St. Vincent. Photo by Laura Studarus
“Nobody rains on our parade” was the tagline for the eighth edition of Sled Island, the scrappy indie-music festival that takes over Calgary’s bars, concert halls and makeshift venues for the better part of seven days in June. Last year, a flood that devastated homes and businesses across the city forced festival organizers to cancel a lot of shows, and deal with stranded artists, attendees and reporters. Luckily, when Sled Island offered refunds to those who’d bought passes, most of those offers were turned down. And so the festival was able to return this year, determined to stage a mighty comeback.
Sled Island is four years younger than Pop Montreal, and with its eclectic programming and focus on emerging talent, and its use of churches, seniors’ clubs, open-air stages and riverside space, it’s very reminiscent of our Pop. And guess what? The festival’s director is former Montrealer Shawn Petsche, who was once the head of Pop’s visual art component, Art Pop.
As with any music festival these days, there were a lot of Montreal acts playing Sled Island, from hip hop DJ/producers like Tommy Kruise to punks like Solids to indie bands like Maica Mia to arty acts like Jerusalem in My Heart.
After the Wednesday night opening party in the artist lounge, located at the top of the Calgary Tower (a giant cupcake on a stick that’s actually a little older than Toronto’s CN Tower), I linked up with NYC-based Australian publicist Grace Jones and an assortment of international reporters and photographers. We went to see Rhye play to pews full of swooning fans in a red-lit church dominated by a giant pipe organ. Rhye is that L.A. act that makes delectably smooth pop music in the key of Sade, fronted by a man with a beautiful, incredibly feminine voice. It was sweet to start the festival with such a sonically and aesthetically lovely set.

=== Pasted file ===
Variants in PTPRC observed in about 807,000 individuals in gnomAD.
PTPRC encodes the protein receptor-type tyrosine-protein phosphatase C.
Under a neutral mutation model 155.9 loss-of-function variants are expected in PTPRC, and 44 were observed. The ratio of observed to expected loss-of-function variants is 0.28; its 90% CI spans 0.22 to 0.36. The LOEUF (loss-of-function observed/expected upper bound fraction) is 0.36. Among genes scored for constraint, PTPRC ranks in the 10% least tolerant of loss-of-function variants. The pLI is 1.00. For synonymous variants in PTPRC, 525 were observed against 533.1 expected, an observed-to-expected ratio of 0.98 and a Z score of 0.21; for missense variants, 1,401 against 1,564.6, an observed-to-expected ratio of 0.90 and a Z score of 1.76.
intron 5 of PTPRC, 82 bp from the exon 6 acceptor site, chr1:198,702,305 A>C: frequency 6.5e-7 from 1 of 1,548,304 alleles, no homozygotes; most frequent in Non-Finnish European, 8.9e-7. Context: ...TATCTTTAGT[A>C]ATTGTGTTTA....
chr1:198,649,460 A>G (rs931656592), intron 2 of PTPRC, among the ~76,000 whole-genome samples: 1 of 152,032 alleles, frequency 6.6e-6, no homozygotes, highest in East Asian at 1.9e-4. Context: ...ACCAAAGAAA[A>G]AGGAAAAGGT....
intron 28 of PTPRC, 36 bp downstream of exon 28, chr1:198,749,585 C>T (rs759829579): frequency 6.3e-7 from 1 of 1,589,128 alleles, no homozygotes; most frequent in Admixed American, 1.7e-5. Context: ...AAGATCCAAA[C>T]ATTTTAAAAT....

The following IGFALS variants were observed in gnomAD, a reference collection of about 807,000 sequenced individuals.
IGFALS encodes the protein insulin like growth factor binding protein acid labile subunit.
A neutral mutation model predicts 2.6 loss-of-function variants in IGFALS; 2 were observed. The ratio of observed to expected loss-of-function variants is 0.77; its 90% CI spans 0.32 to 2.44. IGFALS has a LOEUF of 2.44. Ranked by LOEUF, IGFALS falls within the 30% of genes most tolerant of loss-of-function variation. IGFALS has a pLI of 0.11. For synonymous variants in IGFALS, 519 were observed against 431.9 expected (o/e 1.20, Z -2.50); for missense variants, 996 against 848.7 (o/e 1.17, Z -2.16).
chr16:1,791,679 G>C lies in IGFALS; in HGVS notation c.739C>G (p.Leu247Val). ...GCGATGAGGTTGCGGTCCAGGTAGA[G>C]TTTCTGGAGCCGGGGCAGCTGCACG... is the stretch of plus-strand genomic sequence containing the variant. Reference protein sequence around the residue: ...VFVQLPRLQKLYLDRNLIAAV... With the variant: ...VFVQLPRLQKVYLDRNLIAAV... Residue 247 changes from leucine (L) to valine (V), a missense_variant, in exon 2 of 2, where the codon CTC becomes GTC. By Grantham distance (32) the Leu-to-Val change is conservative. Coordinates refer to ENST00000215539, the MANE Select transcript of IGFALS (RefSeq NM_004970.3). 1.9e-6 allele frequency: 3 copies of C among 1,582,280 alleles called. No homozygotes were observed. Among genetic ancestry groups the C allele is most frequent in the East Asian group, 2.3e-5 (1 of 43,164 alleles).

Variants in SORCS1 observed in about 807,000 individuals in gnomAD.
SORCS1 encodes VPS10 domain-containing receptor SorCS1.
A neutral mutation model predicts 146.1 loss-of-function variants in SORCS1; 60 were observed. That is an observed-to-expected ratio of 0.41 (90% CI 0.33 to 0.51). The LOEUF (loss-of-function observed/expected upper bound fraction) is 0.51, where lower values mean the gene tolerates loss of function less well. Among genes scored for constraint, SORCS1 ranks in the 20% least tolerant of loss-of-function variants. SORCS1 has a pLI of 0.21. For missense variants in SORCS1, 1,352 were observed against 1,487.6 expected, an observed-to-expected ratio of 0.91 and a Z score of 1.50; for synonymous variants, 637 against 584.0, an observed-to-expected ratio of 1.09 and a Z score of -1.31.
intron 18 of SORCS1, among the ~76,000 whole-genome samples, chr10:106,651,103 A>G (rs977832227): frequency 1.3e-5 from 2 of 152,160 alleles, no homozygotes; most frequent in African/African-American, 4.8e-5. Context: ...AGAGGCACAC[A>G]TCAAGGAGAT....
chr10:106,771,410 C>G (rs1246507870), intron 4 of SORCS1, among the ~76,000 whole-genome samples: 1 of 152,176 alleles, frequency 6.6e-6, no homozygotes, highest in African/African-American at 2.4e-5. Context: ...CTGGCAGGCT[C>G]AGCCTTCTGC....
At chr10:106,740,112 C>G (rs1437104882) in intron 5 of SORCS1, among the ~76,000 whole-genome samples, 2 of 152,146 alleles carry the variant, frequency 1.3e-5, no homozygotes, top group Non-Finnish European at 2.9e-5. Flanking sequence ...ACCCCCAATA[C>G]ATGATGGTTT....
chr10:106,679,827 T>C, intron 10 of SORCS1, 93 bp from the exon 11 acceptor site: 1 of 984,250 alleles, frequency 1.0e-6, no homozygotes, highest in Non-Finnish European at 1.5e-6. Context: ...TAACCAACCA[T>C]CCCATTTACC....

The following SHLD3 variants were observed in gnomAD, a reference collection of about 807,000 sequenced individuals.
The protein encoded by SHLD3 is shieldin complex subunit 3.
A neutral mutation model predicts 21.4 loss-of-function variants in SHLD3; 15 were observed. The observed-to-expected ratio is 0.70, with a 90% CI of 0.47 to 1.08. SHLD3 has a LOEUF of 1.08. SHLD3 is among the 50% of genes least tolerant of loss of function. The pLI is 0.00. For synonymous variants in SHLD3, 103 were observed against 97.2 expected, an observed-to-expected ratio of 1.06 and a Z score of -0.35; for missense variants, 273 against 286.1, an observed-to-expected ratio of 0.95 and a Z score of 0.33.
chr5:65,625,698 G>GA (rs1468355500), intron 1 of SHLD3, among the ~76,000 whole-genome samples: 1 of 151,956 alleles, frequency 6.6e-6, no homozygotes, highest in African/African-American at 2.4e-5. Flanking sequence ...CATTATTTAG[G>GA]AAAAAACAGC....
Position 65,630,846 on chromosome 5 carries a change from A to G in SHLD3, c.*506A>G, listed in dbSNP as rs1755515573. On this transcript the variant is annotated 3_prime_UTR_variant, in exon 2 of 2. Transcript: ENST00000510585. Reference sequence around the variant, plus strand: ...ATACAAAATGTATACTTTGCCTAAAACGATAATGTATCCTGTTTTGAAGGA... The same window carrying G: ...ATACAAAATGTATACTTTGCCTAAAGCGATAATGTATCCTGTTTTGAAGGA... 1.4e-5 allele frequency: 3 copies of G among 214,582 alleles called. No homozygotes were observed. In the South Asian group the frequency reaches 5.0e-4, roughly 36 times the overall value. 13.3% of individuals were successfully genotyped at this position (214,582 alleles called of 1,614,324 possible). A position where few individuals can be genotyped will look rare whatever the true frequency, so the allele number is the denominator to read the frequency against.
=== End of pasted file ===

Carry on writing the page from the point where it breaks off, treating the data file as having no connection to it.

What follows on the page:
Next up was a band called Burnt Shrines in the basement of the Commonwealth, a 100-capacity joint so swank that they charge $6.75 for a small can of Pabst. The band had an angular post-punk edge that felt a little dangerous, an interesting, obscure find and a nice contrast to Rhye and the acts to come.
Next we checked out Mr. Radwan Ghazi Moumneh, aka Jerusalem in My Heart, but were disappointed to find that A) the venue was an alcohol-free space that felt like a library (the National Music Centre, which is being rebuilt in opulent grandeur in another part of town, set to open in 2016) and B) we arrived just five minutes before the end of his set.
Then I talked everyone into hitting up Republik (Montreal comparison: Cabaret du Mile End) to see Dan Boeckner’s latest band, Operators — with a track record like Wolf Parade, Handsome Furs and Divine Fits, Boeckner is reliably amazing. His multi-instrumentalist/lady-friend Devojka had clearly loosened up over the six shows they’d played to date — she didn’t really make a peep when they played their third show at Il Motore in May, but this time she did most of the talking for the band.
On Thursday, I linked up with (roughly) the same gang at the Polaris Music Prize long list announcement, then headed to 17th Avenue — it’s somewhat comparable to St-Laurent Blvd., with its concentration of restaurants, bars and boutiques, but it’s a lot smaller and less eclectic. Our destination was one of the grittier spots on the strip, Sloth Records, where bands were performing amid the vinyl bins in the afternoon. We saw Edmonton’s Slates, a cool punk/post-punk band who played a short set that, the singer admitted, was “padded with covers” (of Hüsker Dü and obscure early Joy Division).
Later we hit the East Village RiverWalk Plaza block party in time to catch a set by Montreal DJ Jacques Greene. It had finally stopped raining for the first time since I’d arrived, and the open-air dancefloor filled with colourful teens and 20-somethings, assorted patchouli-scented hippies who were clearly tripping balls and assorted older folks standing back in the muddy bar area sipping beer. I joined the kids for a good 20 minutes to get my dance on, then left the scene with a pair of Toronto journalists to see Portland garage revivalists the Shivas at the Golden Age Club, an actual seniors’ club with bingo lights and no A/C.
The Shivas are a young band with a couple of singles on K Records, and their sound was tightly packed with echoes of vintage garage, à la Brian Jonestown Massacre. If someone told me that every single one of their songs was a cover of a classic ’60s tune that’s tucked somewhere in my subconscious, I would believe it.
Sled Island hit a major snag the next night: arguably the biggest act on the bill, Neko Case, cancelled her set just a few hours prior to showtime, with no explanation. (Guest curator Kathleen Hanna had also cancelled due to illness, but that happened back in May.) Joel Plaskett, who was booked to play another show that night, took Case’s headlining spot at the open-air Olympic Plaza, with Bry Webb and Blitzen Trapper opening, but the early sets were marred by a heavy rainfall that turned to hail.